The 5X’s fingerprint sensor works in conjunction with what Google is calling Nexus Imprint. This lets you authenticate device access or Android Pay purchases and it’s particularly useful as it’s one of the fastest sensors to register a print on and lets you unlock the device from sleep.
Other tweaks manifest in an improved apps drawer that prioritises your four most frequently used app and a scroll bar, similarly to the one found in the contacts app that highlights alphabetical order of your apps as you scroll.
Google’s Now service aims to anticipate your needs and queries with travel information, sports scores and news headlines, but Now On Tap provides an even deeper level of integration with apps, letting you ask things like ‘what else has he sung’ whilst streaming a track from The Weeknd on Spotify for example.
In addition you can call upon Now on Tap with a single long-press of the home button and it’ll scan the information onscreen to pull up relevant data on people, places, times and more. It’s a powerful new feature and the crown jewel of Marshmallow on the 5X.
Read next: Best new features in Android M
If you look explicitly at the numbers the 5X reads like a slightly stripped back LG G4, and that’s no bad starting point. It boasts the same 64-bit 1.8GHz Snapdragon 808 hexa-core processor paired to 2GB of DDR3 RAM. In practice the chipset performs well, although the phone can take a little time to boot and UI stutter does occasionally crop up, which we found surprising.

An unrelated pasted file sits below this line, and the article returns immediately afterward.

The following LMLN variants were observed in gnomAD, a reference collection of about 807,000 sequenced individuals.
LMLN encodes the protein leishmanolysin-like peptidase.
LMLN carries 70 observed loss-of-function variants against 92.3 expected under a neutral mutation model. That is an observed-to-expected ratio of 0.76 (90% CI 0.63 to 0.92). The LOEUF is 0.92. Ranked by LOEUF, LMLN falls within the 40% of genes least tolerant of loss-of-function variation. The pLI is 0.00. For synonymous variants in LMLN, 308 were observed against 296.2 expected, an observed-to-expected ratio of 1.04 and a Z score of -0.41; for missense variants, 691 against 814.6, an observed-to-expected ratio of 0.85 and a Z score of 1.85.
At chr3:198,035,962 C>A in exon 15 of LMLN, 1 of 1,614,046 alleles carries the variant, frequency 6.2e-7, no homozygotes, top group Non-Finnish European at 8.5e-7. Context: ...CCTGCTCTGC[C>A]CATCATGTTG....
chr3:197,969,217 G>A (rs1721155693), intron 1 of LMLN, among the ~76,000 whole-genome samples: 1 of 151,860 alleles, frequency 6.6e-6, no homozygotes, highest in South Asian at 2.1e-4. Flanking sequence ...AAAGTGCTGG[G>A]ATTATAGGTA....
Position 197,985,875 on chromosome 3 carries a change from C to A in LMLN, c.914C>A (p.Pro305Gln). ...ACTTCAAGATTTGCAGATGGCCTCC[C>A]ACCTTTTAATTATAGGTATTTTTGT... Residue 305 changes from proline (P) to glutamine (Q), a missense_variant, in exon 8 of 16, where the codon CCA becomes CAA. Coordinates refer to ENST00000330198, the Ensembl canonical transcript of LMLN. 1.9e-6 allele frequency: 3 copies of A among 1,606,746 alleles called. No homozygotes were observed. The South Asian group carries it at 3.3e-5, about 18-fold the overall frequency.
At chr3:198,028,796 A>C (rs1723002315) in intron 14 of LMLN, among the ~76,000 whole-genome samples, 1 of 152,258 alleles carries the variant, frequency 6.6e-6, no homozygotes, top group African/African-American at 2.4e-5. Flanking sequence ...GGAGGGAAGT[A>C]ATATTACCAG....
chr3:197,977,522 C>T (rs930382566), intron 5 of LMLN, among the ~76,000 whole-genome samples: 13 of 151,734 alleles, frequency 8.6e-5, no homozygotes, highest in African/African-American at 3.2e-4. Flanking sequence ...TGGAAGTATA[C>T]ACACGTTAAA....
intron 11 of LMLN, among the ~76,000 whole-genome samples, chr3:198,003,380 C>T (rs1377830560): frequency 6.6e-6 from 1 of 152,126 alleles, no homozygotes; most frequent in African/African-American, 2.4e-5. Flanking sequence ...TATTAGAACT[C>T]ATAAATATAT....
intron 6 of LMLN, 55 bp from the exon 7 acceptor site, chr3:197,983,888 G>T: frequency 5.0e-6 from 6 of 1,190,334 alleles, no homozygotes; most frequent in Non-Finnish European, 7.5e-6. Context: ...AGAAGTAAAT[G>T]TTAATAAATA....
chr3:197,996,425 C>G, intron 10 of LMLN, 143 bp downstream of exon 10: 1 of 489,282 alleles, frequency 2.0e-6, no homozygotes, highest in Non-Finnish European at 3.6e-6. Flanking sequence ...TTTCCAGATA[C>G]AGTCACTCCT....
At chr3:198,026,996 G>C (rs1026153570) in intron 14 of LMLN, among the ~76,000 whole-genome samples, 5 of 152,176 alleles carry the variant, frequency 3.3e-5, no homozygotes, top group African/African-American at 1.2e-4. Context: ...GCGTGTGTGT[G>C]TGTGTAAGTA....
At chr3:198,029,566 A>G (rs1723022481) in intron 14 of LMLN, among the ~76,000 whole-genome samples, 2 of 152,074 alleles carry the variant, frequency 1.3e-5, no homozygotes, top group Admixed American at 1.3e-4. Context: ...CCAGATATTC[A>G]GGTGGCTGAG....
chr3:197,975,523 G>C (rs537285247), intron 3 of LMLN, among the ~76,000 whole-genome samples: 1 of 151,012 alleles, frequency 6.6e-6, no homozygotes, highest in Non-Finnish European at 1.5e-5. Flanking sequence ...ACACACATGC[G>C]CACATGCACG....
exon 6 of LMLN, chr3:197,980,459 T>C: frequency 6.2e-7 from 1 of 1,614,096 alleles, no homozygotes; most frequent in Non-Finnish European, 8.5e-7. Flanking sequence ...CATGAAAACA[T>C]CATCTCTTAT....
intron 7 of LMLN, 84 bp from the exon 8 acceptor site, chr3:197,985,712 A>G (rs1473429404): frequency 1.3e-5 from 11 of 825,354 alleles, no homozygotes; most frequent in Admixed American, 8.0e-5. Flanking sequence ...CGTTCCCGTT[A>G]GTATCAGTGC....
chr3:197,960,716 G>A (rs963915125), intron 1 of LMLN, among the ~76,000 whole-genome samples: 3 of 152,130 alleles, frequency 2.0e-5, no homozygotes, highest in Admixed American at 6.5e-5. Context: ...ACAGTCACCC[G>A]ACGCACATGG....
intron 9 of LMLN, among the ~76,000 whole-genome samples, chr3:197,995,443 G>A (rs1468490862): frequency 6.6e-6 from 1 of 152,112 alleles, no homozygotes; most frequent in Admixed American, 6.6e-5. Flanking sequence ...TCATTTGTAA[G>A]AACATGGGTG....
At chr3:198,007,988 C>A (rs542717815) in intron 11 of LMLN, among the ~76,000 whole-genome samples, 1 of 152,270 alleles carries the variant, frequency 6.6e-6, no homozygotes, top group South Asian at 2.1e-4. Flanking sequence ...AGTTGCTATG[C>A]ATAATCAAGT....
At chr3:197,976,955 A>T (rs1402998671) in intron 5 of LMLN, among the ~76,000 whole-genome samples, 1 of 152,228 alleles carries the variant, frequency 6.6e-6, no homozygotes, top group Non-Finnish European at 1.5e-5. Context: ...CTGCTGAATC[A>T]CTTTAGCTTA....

As is reflected in the material choices of the phone’s exterior, the Nexus 5X is the more affordable of the new Nexus phones, which is also partly apparent in the two storage options it can be had in too: a 16GB and a 32GB version, neither of which are expandable.
Power is a big component of the Android 6.0 experience with a myriad of new abilities at your disposal.
Unlike previous Nexus devices, wireless charging isn’t part of the equation this time around, which is a little disappointing, but the 2700mAh battery should keep you powered up for a full day’s use, just don’t expect Z5 Compact-class longevity.
Instead Google’s engineering team thought fast charging was a more useful quality than wireless charging as it’s more useful in a pinch and reduces thickness in the phone’s overall design (Google quotes four hours use from ten minutes charge).
You also have the ability to turn the Nexus 5X into a charger for another device, which is a particularly handy feature if you’ve got juice and your friend’s phone doesn’t.